Research Handbook on Law and Courts
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Research Handbook on Law and Courts

Edited by Susan M. Sterett and Lee D. Walker

The Research Handbook on Law and Courts provides a systematic analysis of new work on courts as governing institutions. Authors consider how courts have taken on regulating fundamental categories of inclusion and exclusion, including citizenship rights. Courts’ centrality to governance is addressed in sections on judicial processes, sub-national courts, and political accountability, all analyzed in multiple legal/political systems. Other chapters turn to analyzing the worldwide push for diversity in staffing courts. Finally, the digitization of records changes both court processes and studying courts. Authors included in the Handbook discuss theoretical, empirical and methodological approaches to studying courts as governing institutions. They also identify promising areas of future research.
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Chapter 23: Creating space for supranational law: environmental legal mobilization and Spanish NGOs

Luz Muñoz and David Moya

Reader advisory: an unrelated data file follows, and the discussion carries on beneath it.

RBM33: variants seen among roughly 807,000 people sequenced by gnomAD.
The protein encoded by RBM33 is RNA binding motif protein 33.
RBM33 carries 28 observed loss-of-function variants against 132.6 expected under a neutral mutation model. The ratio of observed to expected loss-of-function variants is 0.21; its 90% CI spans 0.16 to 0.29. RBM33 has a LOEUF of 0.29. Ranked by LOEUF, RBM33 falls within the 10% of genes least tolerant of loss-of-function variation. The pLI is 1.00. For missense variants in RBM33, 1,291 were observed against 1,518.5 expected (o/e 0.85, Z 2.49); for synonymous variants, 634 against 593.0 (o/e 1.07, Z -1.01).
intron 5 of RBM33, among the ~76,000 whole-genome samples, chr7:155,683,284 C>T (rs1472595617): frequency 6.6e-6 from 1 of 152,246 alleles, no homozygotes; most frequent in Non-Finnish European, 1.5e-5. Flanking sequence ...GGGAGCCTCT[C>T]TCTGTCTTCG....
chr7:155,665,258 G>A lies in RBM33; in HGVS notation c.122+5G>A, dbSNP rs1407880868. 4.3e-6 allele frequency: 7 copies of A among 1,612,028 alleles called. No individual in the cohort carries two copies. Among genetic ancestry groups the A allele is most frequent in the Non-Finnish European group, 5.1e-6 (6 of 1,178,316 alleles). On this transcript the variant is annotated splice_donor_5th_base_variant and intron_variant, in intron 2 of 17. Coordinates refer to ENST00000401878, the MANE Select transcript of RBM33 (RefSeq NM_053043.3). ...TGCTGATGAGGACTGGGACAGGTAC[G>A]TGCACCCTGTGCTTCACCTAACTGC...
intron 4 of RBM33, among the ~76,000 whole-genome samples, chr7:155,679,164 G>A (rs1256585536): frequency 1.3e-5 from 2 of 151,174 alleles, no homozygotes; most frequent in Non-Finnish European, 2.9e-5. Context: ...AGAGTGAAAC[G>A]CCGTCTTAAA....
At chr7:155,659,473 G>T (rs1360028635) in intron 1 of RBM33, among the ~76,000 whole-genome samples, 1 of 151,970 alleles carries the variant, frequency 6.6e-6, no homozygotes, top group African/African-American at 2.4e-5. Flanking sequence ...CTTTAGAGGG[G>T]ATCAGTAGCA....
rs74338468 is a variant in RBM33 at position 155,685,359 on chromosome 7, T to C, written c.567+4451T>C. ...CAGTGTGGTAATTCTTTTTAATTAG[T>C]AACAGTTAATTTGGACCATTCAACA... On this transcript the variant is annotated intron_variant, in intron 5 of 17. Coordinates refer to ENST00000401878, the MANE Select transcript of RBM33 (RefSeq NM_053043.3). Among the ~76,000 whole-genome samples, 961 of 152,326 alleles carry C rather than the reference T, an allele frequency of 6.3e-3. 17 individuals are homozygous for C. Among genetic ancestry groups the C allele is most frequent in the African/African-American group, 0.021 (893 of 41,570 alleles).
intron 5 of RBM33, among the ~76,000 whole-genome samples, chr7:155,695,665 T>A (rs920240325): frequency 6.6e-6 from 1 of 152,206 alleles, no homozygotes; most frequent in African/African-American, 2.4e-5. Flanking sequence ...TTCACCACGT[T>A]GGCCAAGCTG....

Research on NGO legal mobilization and judicial interventions have tended to focus on their activity before supranational and the highest national courts, especially the European courts and national supreme courts. However, while focusing our attention on these courts might be a shortcut to understanding the leading judgments shaping the law today, in so doing we run the risk of overrepresenting their role in the judicial system. Indeed, around the world, domestic courts working at subnational levels make frequent interventions in disputes. This is particularly the case in politically decentralized states where subnational entities have been assigned powers to pass legislation and elaborate their own policy. Spain serves as our case study here because it illustrates how a multilevel system of governance is pulled, by delegation of power, in the direction of both the supranational (EU) and regional authorities. We show that in Spain, the fact that the EU has led the way in such legislation, while the regions have not been so active, creates an opportunity for the Europeanization of law for environmental advocates. This chapter thus examines the patterns of environmental legal mobilization of NGOs at the subnational level in Spain across regional high courts.

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